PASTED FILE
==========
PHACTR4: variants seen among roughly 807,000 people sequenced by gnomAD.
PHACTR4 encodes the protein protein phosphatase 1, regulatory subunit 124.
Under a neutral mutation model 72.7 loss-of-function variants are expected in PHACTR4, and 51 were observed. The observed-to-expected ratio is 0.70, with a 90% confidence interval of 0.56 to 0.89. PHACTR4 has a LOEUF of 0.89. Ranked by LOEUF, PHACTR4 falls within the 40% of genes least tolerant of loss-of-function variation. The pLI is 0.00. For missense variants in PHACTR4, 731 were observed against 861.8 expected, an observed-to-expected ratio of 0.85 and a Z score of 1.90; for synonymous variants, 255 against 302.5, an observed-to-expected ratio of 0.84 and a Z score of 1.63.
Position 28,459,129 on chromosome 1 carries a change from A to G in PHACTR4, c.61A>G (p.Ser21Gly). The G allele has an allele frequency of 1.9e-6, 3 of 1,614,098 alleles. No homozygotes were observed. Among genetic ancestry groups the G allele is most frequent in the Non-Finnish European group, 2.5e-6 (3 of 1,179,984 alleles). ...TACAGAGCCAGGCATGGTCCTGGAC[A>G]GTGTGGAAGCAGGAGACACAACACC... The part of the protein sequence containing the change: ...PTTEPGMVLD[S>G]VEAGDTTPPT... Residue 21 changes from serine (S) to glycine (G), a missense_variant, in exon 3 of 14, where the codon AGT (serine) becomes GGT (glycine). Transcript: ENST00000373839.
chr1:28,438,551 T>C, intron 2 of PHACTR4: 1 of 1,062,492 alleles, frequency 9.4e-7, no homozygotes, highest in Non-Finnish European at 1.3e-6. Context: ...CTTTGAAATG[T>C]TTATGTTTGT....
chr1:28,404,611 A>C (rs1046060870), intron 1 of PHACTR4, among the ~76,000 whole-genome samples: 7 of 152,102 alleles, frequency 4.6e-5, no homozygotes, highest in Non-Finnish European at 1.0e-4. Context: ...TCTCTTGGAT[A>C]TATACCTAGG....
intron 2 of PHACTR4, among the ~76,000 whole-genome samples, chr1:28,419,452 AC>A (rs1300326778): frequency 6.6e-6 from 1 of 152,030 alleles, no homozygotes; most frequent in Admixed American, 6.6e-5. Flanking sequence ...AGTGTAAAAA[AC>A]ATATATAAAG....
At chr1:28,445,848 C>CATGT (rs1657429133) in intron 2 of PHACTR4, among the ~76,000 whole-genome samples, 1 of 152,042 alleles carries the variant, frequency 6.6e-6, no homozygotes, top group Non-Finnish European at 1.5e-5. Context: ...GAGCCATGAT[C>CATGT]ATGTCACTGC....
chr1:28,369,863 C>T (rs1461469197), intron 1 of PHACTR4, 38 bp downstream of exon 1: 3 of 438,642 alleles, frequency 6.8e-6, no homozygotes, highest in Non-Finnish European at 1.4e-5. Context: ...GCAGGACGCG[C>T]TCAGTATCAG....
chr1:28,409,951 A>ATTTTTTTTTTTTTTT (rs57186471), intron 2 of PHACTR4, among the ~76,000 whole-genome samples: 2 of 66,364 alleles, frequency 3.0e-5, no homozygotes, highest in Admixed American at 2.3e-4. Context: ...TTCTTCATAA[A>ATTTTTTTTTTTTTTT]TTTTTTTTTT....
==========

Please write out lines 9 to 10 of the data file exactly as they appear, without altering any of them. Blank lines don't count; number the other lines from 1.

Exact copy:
chr1:28,369,863 C>T (rs1461469197), intron 1 of PHACTR4, 38 bp downstream of exon 1: 3 of 438,642 alleles, frequency 6.8e-6, no homozygotes, highest in Non-Finnish European at 1.4e-5. Context: ...GCAGGACGCG[C>T]TCAGTATCAG....
chr1:28,409,951 A>ATTTTTTTTTTTTTTT (rs57186471), intron 2 of PHACTR4, among the ~76,000 whole-genome samples: 2 of 66,364 alleles, frequency 3.0e-5, no homozygotes, highest in Admixed American at 2.3e-4. Context: ...TTCTTCATAA[A>ATTTTTTTTTTTTTTT]TTTTTTTTTT....